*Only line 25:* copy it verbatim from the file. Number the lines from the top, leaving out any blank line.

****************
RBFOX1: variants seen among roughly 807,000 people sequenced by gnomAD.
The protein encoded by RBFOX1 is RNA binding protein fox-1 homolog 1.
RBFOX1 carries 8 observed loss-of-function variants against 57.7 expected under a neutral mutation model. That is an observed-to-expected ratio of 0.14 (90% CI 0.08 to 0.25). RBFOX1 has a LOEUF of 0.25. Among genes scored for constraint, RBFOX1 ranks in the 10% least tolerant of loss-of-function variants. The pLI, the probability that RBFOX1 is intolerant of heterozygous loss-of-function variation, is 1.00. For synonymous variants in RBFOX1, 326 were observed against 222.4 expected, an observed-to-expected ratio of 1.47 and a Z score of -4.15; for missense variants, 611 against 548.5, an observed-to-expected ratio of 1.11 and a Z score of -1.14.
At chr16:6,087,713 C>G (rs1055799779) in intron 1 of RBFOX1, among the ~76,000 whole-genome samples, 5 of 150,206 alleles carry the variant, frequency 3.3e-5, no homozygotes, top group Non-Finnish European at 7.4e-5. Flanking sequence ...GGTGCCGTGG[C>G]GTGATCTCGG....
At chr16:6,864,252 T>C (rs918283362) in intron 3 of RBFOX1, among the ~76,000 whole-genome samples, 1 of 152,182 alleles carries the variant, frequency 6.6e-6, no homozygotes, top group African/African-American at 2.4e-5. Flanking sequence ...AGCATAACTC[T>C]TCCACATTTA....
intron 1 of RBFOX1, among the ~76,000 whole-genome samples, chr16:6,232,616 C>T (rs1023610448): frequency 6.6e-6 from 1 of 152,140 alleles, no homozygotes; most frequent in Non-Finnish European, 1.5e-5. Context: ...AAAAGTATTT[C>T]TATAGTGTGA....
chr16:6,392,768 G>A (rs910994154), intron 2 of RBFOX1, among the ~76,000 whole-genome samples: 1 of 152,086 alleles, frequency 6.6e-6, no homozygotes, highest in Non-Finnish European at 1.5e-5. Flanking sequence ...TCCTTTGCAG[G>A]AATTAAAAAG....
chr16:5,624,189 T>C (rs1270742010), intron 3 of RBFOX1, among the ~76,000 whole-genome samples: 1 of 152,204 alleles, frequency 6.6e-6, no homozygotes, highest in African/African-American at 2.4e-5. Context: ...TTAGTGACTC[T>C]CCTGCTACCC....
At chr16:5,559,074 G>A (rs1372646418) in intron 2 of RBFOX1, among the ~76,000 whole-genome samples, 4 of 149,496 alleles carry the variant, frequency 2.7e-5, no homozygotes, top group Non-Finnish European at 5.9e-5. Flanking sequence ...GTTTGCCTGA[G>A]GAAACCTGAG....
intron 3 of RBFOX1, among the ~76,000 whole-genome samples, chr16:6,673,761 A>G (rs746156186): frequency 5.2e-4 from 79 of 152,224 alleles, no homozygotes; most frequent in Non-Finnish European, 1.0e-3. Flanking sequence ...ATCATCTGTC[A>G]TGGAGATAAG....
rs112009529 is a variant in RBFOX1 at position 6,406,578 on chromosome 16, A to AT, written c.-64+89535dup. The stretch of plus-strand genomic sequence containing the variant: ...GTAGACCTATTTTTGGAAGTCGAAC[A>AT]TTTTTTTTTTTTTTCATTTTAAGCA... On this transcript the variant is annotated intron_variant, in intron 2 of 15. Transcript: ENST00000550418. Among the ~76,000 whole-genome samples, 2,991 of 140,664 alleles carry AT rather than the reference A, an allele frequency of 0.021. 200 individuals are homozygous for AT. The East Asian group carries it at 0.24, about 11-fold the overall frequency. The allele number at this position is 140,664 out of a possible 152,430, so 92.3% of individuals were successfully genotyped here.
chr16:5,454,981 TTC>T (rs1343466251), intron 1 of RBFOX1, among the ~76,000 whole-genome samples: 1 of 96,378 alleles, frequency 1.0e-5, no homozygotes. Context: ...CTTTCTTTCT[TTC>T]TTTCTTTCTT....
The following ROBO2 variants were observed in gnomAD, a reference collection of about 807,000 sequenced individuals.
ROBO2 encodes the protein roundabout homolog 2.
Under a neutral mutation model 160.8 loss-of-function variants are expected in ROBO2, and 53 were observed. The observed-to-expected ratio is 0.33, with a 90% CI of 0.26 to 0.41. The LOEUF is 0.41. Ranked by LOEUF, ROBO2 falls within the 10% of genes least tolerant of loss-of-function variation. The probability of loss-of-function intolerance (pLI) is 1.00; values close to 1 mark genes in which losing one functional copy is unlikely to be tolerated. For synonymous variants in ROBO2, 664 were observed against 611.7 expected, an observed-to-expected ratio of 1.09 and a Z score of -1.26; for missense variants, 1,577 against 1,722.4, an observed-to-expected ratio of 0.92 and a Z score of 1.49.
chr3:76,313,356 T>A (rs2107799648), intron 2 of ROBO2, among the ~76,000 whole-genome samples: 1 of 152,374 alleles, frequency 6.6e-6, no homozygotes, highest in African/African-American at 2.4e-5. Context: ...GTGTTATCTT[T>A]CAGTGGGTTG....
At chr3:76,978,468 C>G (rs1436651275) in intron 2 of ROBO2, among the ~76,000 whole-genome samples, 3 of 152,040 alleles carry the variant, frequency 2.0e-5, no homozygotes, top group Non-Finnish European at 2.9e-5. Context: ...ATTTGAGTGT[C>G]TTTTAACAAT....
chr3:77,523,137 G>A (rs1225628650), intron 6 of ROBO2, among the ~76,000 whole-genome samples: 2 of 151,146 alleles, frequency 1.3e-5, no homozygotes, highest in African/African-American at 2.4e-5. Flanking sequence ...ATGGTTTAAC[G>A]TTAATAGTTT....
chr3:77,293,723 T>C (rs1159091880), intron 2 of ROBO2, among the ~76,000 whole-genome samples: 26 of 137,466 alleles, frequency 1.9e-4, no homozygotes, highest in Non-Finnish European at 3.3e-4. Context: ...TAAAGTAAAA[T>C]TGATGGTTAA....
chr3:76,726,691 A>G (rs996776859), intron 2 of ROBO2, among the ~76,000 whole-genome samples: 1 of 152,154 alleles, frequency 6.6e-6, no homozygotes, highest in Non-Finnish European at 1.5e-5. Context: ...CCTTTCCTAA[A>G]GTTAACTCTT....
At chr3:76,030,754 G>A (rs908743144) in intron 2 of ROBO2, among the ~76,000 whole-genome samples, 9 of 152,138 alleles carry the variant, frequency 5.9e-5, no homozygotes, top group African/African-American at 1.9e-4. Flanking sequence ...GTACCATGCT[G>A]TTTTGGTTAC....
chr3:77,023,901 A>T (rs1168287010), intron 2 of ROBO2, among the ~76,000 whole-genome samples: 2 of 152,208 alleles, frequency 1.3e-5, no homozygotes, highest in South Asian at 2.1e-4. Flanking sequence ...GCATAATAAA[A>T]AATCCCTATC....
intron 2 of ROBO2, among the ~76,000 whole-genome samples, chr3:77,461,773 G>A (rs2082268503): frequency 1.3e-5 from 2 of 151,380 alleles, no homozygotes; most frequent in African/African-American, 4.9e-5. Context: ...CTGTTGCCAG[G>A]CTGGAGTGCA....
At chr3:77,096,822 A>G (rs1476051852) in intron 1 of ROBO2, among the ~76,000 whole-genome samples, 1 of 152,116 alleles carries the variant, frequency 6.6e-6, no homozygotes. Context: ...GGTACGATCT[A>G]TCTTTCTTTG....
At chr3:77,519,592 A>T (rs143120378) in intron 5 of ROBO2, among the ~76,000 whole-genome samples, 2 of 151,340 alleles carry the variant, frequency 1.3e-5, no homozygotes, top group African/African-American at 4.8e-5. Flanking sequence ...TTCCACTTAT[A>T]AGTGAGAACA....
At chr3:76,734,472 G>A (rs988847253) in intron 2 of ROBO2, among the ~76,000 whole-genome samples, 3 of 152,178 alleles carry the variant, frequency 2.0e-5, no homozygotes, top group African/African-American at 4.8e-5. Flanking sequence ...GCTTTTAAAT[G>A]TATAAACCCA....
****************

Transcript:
At chr3:77,519,592 A>T (rs143120378) in intron 5 of ROBO2, among the ~76,000 whole-genome samples, 2 of 151,340 alleles carry the variant, frequency 1.3e-5, no homozygotes, top group African/African-American at 4.8e-5. Flanking sequence ...TTCCACTTAT[A>T]AGTGAGAACA....